What The Hail???

LanDi Liu strangeguitars at GMAIL.COM
Tue Sep 9 14:03:21 UTC 2008

On Tue, Sep 9, 2008 at 11:38 AM, sagehen <sagehen at westelcom.com> wrote:
> on 9/12/08 10:23 AM, Doug Harris at cats22 at FRONTIERNET.NET wrote:
>> Might those 'baseball' stories have been originated by fishermen?
>> dh
>> Poster:       Marc Velasco <marcjvelasco at GMAIL.COM>
>> Subject:      Re: What The Hail???
>> ----------------------------------------------------------------------------
>> ---
>> Common [Midwest] terms [for hail]: pea-, dime-, golfball-, and
>> baseball-sized hail; although, it needs be said that baseball-sized hail was
>> rarely reported live, but common
>> in "big storm" stories.  Lawyers might further say that this list includes,
>> but is not limited to, the above mentioned terms.
> ~~~~~~~~~~
> I can testify to having seen & experienced baseball-sized hail.  There was a
> great swath of storms that swept across the US from Texas to Michigan &
> perhaps even into PA  on April 4, 1974, spawning many many tornadoes &
> doing enormous damage.  We lived about a mile off its path & so only
> suffered some of the milder effects.  I, all unawares, was driving an old
> Chevy pick-up more or less parallel to the storm's path  when overtaken by a
> hurricane-like rainstorm & hailstones that I was sure would break the
> windshield. They did dent the hood. They came down by bucketfuls for several
> minutes. The ground was covered with them.Our aluminum house roof  was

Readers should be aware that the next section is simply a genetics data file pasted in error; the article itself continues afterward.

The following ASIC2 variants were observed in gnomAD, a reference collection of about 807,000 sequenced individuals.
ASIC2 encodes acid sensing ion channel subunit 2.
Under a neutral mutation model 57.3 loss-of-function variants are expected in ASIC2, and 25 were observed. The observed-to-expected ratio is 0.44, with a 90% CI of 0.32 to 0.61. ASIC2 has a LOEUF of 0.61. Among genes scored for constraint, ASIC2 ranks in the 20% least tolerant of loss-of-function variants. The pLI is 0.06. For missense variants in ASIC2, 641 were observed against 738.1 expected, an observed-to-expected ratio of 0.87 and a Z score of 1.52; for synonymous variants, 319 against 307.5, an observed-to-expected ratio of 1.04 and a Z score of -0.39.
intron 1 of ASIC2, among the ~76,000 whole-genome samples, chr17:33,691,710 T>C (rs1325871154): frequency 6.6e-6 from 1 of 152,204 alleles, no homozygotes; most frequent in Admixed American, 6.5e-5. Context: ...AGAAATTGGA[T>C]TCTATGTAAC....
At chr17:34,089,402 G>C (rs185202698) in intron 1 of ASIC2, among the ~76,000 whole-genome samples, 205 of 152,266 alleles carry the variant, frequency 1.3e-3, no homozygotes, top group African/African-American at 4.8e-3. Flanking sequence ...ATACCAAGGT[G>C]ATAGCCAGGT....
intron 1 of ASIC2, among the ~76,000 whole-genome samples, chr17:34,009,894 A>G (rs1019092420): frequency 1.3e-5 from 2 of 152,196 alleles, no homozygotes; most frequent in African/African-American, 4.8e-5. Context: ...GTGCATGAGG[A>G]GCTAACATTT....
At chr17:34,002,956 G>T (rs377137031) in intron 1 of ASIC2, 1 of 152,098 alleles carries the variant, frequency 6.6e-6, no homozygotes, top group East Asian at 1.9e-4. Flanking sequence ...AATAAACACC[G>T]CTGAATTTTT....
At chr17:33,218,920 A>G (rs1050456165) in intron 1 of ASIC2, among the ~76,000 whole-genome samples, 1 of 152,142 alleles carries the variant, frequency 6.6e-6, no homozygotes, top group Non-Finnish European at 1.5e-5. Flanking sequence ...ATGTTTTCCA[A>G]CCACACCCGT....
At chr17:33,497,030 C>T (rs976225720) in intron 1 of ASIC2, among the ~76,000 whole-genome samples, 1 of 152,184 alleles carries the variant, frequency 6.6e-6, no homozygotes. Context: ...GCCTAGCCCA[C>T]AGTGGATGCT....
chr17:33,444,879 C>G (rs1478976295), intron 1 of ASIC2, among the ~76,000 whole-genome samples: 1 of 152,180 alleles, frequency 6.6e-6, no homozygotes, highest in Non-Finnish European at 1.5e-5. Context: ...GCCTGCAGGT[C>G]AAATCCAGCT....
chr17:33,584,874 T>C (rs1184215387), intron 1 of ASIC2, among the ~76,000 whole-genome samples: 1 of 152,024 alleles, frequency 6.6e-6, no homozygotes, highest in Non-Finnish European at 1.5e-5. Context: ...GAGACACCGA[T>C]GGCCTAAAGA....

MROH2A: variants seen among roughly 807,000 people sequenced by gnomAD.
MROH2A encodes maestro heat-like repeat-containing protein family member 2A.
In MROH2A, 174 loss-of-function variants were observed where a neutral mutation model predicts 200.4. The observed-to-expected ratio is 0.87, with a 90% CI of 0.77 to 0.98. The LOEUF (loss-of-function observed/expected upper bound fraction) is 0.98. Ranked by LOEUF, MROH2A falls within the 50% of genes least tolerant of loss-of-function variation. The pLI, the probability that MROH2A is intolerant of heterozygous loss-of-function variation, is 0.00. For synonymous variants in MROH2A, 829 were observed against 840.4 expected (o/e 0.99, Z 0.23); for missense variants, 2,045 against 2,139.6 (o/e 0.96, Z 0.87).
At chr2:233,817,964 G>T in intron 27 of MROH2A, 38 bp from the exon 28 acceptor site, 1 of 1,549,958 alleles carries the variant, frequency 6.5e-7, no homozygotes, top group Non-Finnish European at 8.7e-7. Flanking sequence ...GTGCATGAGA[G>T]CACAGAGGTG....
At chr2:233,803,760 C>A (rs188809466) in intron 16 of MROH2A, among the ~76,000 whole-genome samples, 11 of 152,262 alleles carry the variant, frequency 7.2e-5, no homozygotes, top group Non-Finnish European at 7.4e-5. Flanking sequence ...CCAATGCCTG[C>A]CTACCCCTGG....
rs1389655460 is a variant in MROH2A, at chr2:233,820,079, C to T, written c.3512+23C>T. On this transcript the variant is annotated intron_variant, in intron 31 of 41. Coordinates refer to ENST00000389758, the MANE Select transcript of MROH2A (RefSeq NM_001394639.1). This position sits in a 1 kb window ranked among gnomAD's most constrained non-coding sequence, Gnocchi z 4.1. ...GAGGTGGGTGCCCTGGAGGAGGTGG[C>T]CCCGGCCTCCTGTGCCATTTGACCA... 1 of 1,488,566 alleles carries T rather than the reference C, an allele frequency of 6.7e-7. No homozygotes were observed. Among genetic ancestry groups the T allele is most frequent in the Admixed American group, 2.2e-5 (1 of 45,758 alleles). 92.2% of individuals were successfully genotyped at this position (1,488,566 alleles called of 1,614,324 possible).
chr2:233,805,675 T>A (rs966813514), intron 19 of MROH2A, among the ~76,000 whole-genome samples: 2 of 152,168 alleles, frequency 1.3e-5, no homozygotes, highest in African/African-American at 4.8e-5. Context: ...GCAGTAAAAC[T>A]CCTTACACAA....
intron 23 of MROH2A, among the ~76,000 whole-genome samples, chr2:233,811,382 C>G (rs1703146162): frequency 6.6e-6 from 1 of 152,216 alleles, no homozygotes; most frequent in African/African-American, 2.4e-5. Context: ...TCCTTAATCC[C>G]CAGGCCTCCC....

> pocked  in many places.  We thought to save a few examples of these truly
> baseball-sized  beauties & stuck them in our freezer.  We forgot that they
> needed to be sealed & of course they sublimated in the dry air of the
> freezer & eventually disappeared altogether.  Great souvenirs!  The lasting
> souvenirs were scraps of building materials & household goods that rained
> down for hours after the storm had passed, sad remains of houses utterly
> destroyed in nearby Xenia OH, the town worst hit in the whole country.
> AM

That storm made a lasting impression on me.  When those hailstones
came down I was in a bus coming home from school.  I guess I was in
second grade, in Cincinnati, OH.  The roof of the bus was just a sheet
of metal and we could see the big dents appearing from the inside of
the bus.  We were glad to be inside the bus, as some of the older
students were remarking how if one of those hailstones were to hit you
in the head, that'd be it.

Randy Alexander
Jilin City, China
My Manchu studies blog:

The American Dialect Society - http://www.americandialect.org

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